It should be noted that the same basic scheme may be used if one chooses to mix signal and reference waves at ω and 2ω, respectively, producing the third wave at around ω. In this case, however, non-collinear mixing should be employed to separate the mixed signal at ω from that of the fundamental.
Chirp and spectral resolution requirements may be derived from the required range resolution, which in turn is determined by the accuracy of measuring the optical wavelength (frequency) of the non-linearly generated signal. As has been mentioned already, non-linear mixing of a delayed signal with reference beam produces two spectral components. The temporal envelope of each component is a series of nearly rectangular pulses, as illustrated in
The maximum unambiguous range achieved with the high-resolution ladar alone is equal to ˜cT˜30-50 cm, which is hardly sufficient for most applications. Therefore, it is proposed to use the high-resolution ladar as an add-on to a conventional AM chirped ladar. The architecture of such a hybrid device is shown in
The collected back-scattered radiation from target 550 is collected using appropriate receiving optics 517 and mixed in another non-linear optical device 516 (and preferably a PPLN) preferably using a mirror 514 and a lens (not shown) to collinearly combine the collected back-scattered radiation from the target with radiation split off by dichroic mirror 504, thus producing a mixed optical signal at 2ω. The optical signal at this frequency is separated from the residual fundamental by a dichroic mirror 518 and analyzed spectrally, as described above, in a high resolution analyzer such as an Optical Spectrum Analyzer unit OSA. This spectral information provides details of the fine range resolution, albeit with a significant range ambiguity. The residual fundamental is used in the AM analysis unit 520, which has been described in the prior art document mentioned above, thus providing the required range with low spatial resolution. These two sets of data can be combined using an appropriately programmed computer, for example, to achieve long-range sensitivity with fine spatial resolution.
It should be noted that the non-linear medium used for mixing ladar and reference signals should have a sufficiently broad spectral response that covers the bandwidth of the employed chirped pulses. This should not represent a problem if PPLNs are used for non-linear conversion. Typically, the bandwidth of sum and difference frequency generation is, respectively, several nm and several tenth of nm. See, e.g., M. M. Fejer, G. A. Magel, D. H. Jundt, and R. L. Byer, “Quasi-Phase-Matched Second Harmonic Generation: Tuning and Tolerances,” IEEE J. Quantum. Electron., vol. 28, 1992, p. 2631 and L. E. Myers, R. C. Eckardt, M. M. Fejer, and R. L. Byer, “Quasi phase-matched optical parametric oscillators in bulk periodically poled LiNbO3 ,” J. Opt. Soc. Am. B, vol. 12, 1995, p. 2102.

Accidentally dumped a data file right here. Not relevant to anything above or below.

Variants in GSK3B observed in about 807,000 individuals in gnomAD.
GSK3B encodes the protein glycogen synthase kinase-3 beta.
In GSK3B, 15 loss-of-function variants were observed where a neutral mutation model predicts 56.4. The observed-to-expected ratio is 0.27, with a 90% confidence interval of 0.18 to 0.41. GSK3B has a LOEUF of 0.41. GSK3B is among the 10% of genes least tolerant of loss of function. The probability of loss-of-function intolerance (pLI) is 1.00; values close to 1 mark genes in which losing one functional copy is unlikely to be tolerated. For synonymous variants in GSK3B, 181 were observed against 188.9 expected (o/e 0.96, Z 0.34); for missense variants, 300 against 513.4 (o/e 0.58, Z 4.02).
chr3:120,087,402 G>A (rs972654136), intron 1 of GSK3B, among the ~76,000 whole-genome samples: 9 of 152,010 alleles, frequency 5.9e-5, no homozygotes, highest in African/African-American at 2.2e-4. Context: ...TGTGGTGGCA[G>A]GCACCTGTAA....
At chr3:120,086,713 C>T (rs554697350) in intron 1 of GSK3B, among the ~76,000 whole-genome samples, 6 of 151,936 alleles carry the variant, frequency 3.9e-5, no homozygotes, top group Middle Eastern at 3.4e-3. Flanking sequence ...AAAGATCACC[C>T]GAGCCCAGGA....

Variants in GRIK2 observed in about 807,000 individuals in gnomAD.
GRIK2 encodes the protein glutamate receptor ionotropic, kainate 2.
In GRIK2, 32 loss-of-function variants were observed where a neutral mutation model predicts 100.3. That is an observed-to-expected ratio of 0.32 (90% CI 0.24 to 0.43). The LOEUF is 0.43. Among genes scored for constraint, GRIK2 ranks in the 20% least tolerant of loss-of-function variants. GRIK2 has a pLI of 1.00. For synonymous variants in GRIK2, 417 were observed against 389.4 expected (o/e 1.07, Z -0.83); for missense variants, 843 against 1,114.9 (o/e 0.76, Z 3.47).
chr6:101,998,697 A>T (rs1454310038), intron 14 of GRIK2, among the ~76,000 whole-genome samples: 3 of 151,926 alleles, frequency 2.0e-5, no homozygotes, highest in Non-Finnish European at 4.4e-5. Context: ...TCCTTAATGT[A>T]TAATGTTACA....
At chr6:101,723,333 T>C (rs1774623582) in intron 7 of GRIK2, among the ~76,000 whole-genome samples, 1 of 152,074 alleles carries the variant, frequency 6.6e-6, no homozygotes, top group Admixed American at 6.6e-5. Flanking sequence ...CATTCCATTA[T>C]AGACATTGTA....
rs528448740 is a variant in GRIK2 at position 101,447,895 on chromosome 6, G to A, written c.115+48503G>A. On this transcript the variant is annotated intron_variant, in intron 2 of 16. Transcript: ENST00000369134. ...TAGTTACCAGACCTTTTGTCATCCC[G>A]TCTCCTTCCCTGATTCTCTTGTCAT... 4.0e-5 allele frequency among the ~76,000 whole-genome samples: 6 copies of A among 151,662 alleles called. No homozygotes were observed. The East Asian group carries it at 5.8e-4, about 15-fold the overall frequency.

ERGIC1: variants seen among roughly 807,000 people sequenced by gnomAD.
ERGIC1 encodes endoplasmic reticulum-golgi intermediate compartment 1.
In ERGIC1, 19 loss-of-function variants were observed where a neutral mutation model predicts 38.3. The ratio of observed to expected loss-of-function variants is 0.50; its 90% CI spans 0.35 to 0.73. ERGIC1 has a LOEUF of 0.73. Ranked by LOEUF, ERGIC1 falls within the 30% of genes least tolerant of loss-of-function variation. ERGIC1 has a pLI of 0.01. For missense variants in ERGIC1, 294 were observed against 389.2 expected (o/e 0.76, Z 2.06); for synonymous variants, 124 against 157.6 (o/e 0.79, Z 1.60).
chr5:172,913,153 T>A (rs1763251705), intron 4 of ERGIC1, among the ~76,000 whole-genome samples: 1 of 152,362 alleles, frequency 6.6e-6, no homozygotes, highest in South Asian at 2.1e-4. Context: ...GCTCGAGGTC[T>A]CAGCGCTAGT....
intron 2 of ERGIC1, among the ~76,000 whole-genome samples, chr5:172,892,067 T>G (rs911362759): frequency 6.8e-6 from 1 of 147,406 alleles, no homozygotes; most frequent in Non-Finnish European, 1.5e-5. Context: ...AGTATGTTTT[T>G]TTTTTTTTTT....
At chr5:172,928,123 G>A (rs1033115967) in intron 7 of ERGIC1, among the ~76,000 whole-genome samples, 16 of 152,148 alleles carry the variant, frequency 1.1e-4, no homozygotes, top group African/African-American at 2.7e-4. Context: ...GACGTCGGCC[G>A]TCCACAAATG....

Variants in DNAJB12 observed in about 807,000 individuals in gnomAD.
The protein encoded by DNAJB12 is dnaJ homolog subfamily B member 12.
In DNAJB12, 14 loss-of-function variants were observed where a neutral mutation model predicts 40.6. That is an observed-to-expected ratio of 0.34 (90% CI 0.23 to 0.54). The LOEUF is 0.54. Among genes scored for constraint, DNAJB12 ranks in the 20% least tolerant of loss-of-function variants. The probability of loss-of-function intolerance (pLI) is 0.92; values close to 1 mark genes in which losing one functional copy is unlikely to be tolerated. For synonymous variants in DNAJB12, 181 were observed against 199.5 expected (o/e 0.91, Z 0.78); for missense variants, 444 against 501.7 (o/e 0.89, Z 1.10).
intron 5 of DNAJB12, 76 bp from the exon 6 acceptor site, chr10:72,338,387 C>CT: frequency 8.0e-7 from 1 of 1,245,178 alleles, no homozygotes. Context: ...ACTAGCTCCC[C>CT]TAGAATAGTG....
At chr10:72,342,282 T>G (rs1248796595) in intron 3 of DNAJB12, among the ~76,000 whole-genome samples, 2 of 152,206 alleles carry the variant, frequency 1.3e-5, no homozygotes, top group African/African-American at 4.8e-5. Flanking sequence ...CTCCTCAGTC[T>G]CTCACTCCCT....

Having described this technology in connection with certain preferred embodiments, modification will now likely suggest itself to those skilled in the art. As such, the invention is not to be limited to the disclosed embodiments except as specifically requirement by the appended claims.
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|1||Abstract of Sztankay, G., "Chirped-AM 3D Imaging Laser Radar for DOD Applications," CLEO/IQEC and PhAST 2004 Conference Program, Invited Talk, PTuF3, 1 page (May 18, 2004).|
|2||Fejer, M.M., et al., "Quasi-Phase-Matched Second Harmonic Generation: Tuning and Tolerances," IEEE Journal of Quantum Electronics, vol. 28, No. 11, pp. 2631-2654 (Nov. 1992).|
|3||Myers, L.E., et al., "Quasi-Phase-Matched Optical Parametric Oscillators In Bulk Periodically Poled LiNbO<SUB>3</SUB>," J. Opt. Soc. Am. B, vol. 12, No. 11, pp. 2102-2116 (Nov. 1995).|
|Citing Patent||Filing date||Publication date||Applicant||Title|
|US7986397 *||Apr 30, 2008||Jul 26, 2011||Lockheed Martin Coherent Technologies, Inc.||FMCW 3-D LADAR imaging systems and methods with reduced Doppler sensitivity|
|U.S. Classification||356/5.15, 356/4.01|
|Cooperative Classification||G01S17/325, G01S7/4912, G01C3/08, G01S7/491|
|European Classification||G01C3/08, G01S17/32B, G01S7/491|
|Feb 10, 2005||AS||Assignment|
Owner name: HRL LABORATORIES, LLC., CALIFORNIA
Free format text: ASSIGNMENT OF ASSIGNORS INTEREST;ASSIGNOR:IONOV, STANISLAV I.;REEL/FRAME:016280/0707
Effective date: 20050202